It is no longer Nara beyond
Where am I? Where are
If the morning never
becomes an afternoon,
will it always be a
waking up into a moment
of disfigured song, a
dawn of perpetual clocking?
I have earned my
I have earned my
I have earned my loneliness.
I have not knelt nor extinguished my brain.
I have positioned my chair where,
when I tap my fingers,
I also disturb the universe.
"Bonne Fête, Grand-père!Cumpleaños feliz, abuelo! Happy Birthday, Gramps!
Maligayang Bati, Lolo!" My polyglot family
chorused in a cacophony that made my day. When the littlest one wrapped his
little arms around my legs, and mumbled "happi bedday, wowo," I knew
I have also learned to pray.
I pray for more
moments of love and wisdom. I pray that all those I love will measure their
lives according to how they, too, will disturb
the universe whenever they tap their fingers.
However high it goes, it will come down --–
Wrinkled on a branch, its message undelivered.
Harsh spring winds will blow it out of town
Before its whimsy, nay, its prayer is discovered.
Why play crapshoot among the clouds, my boy?
Could God be there, or does he hide elsewhere
Among the stars, or in some bramble being coy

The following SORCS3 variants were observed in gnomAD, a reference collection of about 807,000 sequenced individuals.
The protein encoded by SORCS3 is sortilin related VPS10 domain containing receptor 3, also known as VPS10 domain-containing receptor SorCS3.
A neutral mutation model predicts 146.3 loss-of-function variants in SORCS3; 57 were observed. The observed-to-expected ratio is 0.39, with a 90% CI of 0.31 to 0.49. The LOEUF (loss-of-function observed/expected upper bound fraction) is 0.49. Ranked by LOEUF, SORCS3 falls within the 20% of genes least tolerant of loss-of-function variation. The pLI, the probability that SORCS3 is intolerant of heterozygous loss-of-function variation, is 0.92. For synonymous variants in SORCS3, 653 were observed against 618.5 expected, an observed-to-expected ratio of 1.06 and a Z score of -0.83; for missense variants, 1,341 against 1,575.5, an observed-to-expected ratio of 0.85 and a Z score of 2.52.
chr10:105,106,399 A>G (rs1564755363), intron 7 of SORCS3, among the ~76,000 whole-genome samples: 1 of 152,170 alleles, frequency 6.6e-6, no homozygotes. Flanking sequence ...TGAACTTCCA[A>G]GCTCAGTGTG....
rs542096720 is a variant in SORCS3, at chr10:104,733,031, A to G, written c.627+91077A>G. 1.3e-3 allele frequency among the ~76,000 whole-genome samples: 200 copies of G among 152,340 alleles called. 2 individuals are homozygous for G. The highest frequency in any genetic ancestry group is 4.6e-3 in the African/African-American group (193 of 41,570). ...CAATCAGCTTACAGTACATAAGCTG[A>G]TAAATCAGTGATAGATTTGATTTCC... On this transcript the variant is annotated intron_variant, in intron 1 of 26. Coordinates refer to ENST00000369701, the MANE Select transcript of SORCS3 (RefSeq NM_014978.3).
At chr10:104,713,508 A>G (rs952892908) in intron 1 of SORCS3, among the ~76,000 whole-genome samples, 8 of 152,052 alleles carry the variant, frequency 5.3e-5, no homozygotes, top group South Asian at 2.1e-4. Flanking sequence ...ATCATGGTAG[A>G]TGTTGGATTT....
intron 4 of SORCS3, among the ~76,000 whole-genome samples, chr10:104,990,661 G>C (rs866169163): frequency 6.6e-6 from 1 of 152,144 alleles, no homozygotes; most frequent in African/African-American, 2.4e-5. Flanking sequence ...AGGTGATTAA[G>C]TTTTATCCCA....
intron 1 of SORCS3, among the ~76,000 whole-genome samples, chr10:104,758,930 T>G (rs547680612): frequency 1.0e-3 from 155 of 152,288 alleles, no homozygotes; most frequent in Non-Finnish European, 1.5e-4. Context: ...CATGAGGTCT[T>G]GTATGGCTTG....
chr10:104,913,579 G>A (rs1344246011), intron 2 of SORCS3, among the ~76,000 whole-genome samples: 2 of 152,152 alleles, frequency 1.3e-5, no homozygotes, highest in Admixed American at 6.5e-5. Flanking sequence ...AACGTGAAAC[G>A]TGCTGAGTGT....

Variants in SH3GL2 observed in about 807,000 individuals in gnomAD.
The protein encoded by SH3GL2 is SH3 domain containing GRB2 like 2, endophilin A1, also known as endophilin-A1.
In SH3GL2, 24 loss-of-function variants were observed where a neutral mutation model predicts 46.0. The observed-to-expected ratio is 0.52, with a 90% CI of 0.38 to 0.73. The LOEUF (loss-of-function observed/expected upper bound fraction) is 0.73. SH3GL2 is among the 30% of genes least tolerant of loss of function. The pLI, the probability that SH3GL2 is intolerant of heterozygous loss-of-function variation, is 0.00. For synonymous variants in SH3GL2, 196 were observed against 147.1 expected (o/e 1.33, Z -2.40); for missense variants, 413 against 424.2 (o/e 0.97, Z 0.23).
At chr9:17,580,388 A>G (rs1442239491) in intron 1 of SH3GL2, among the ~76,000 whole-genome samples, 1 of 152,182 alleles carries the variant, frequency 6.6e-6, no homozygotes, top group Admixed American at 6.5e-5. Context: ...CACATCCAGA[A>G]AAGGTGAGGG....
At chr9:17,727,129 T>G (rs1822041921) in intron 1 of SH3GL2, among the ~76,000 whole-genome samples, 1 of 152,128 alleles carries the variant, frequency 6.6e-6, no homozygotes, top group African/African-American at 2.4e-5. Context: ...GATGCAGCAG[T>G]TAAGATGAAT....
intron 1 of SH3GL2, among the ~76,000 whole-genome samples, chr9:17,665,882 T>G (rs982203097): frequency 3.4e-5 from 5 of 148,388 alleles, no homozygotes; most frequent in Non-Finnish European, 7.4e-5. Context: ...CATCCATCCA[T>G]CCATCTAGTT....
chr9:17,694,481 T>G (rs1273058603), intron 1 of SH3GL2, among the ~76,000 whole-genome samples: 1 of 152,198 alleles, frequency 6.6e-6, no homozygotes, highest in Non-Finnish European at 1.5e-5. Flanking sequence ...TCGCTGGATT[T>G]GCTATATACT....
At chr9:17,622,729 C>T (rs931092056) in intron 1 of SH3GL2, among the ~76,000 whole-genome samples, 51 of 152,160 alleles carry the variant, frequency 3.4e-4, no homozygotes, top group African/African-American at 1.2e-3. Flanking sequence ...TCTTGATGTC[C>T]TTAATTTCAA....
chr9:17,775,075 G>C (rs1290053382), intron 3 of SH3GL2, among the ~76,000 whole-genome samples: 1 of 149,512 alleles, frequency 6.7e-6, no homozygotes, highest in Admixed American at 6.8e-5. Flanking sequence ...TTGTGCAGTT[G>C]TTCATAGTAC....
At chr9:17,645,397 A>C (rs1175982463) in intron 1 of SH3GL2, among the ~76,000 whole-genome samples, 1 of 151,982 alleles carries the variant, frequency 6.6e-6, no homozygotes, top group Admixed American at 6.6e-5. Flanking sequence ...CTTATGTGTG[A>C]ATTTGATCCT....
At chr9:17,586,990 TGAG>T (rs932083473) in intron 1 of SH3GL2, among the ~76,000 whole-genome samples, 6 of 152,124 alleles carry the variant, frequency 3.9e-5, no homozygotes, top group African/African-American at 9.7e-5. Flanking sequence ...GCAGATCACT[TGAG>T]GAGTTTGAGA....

Lest he expose himself as burning bush in fanfare?
Let your balloon fly shorn of its couriered burden
Of finding him sheltered in some unlikely heaven
Where heaven is not — for he never left your side
As you let it go to look for where his miracles abide.
much mirth with the greening Earth,
so I ordered more rain for the plains of Spain!
Perplexed yet with this morning’s menu?
Hail, rain, sleet, sunshine, winter remnants
are of no moment when I sip my minted tea.
I tap my fingers with the rooftop staccato,
dip my biscuit not once but thrice with brio.
That done, I slide my gafasanteojos down
my schoolmarmish nose to read the paper
like a salami
on my morning table.
Unfurled, my gazette of daily mayhem
confirms the slaughter of yet more lads
and lasses in the name of country and god,
of yet more hungry children orphaned
in lands where force majeure
the rule of nature and law, where hurt
and pain are never ever granted furlough.
“Aiee, Dios mio,” I
sigh quickly, and drink
my tea before it gets cold. Birds steal
my biscuits, but like the wind-blasted trees,
I droop and execute my dotard shrug.
Chloe had an angel costume, and Louis was disguised as a hamburger, and Marie stayed home doing what she does best: act as the runt and eating all the goodies with camouflaged diapers being her costume. --- Halloween Night
When the valley wakes up on Trillium Trail,
the Sarnath lessons will be the hushed
of the sunrise breeze: these are blossoms
from the other side where the creek turns
blue and the rivers calm: always, always,
in the maze of imprecise feelings, our mudra
shall shape the passion all lovers put to use
when love is beyond saying, beyond ecstasy.